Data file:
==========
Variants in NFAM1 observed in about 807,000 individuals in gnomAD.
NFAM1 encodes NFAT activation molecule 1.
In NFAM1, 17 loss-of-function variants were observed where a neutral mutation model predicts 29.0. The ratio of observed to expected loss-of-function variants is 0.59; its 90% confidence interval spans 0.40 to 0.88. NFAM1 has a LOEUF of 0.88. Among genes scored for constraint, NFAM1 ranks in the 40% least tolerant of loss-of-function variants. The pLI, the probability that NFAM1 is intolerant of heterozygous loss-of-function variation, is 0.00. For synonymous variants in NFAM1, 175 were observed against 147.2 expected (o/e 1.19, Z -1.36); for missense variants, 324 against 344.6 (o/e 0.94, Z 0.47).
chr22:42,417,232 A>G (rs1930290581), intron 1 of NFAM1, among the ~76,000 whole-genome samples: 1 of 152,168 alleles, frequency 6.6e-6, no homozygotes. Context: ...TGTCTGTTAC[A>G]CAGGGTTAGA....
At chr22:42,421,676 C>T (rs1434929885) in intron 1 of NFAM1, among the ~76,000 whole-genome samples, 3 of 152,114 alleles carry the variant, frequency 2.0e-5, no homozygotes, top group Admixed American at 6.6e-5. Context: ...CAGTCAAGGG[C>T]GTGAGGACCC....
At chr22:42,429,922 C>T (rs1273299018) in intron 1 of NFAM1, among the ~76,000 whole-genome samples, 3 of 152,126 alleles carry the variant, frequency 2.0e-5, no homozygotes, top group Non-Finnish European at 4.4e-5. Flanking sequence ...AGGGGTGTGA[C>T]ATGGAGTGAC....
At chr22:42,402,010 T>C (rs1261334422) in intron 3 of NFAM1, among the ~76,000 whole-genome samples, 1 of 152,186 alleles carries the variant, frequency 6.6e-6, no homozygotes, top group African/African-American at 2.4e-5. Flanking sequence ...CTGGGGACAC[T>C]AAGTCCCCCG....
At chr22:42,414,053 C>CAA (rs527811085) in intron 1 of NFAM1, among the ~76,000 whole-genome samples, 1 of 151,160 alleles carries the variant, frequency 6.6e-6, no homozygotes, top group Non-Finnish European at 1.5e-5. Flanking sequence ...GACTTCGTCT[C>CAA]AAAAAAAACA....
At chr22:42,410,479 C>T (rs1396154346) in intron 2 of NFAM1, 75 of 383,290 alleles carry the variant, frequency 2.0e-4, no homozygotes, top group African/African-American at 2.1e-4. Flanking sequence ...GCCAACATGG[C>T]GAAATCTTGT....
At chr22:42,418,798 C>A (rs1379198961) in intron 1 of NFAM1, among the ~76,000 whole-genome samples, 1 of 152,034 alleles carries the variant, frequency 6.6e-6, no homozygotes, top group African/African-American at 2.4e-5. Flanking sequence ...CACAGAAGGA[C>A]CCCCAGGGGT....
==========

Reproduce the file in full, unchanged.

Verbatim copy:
Variants in NFAM1 observed in about 807,000 individuals in gnomAD.
NFAM1 encodes NFAT activation molecule 1.
In NFAM1, 17 loss-of-function variants were observed where a neutral mutation model predicts 29.0. The ratio of observed to expected loss-of-function variants is 0.59; its 90% confidence interval spans 0.40 to 0.88. NFAM1 has a LOEUF of 0.88. Among genes scored for constraint, NFAM1 ranks in the 40% least tolerant of loss-of-function variants. The pLI, the probability that NFAM1 is intolerant of heterozygous loss-of-function variation, is 0.00. For synonymous variants in NFAM1, 175 were observed against 147.2 expected (o/e 1.19, Z -1.36); for missense variants, 324 against 344.6 (o/e 0.94, Z 0.47).
chr22:42,417,232 A>G (rs1930290581), intron 1 of NFAM1, among the ~76,000 whole-genome samples: 1 of 152,168 alleles, frequency 6.6e-6, no homozygotes. Context: ...TGTCTGTTAC[A>G]CAGGGTTAGA....
At chr22:42,421,676 C>T (rs1434929885) in intron 1 of NFAM1, among the ~76,000 whole-genome samples, 3 of 152,114 alleles carry the variant, frequency 2.0e-5, no homozygotes, top group Admixed American at 6.6e-5. Context: ...CAGTCAAGGG[C>T]GTGAGGACCC....
At chr22:42,429,922 C>T (rs1273299018) in intron 1 of NFAM1, among the ~76,000 whole-genome samples, 3 of 152,126 alleles carry the variant, frequency 2.0e-5, no homozygotes, top group Non-Finnish European at 4.4e-5. Flanking sequence ...AGGGGTGTGA[C>T]ATGGAGTGAC....
At chr22:42,402,010 T>C (rs1261334422) in intron 3 of NFAM1, among the ~76,000 whole-genome samples, 1 of 152,186 alleles carries the variant, frequency 6.6e-6, no homozygotes, top group African/African-American at 2.4e-5. Flanking sequence ...CTGGGGACAC[T>C]AAGTCCCCCG....
At chr22:42,414,053 C>CAA (rs527811085) in intron 1 of NFAM1, among the ~76,000 whole-genome samples, 1 of 151,160 alleles carries the variant, frequency 6.6e-6, no homozygotes, top group Non-Finnish European at 1.5e-5. Flanking sequence ...GACTTCGTCT[C>CAA]AAAAAAAACA....
At chr22:42,410,479 C>T (rs1396154346) in intron 2 of NFAM1, 75 of 383,290 alleles carry the variant, frequency 2.0e-4, no homozygotes, top group African/African-American at 2.1e-4. Flanking sequence ...GCCAACATGG[C>T]GAAATCTTGT....
At chr22:42,418,798 C>A (rs1379198961) in intron 1 of NFAM1, among the ~76,000 whole-genome samples, 1 of 152,034 alleles carries the variant, frequency 6.6e-6, no homozygotes, top group African/African-American at 2.4e-5. Flanking sequence ...CACAGAAGGA[C>A]CCCCAGGGGT....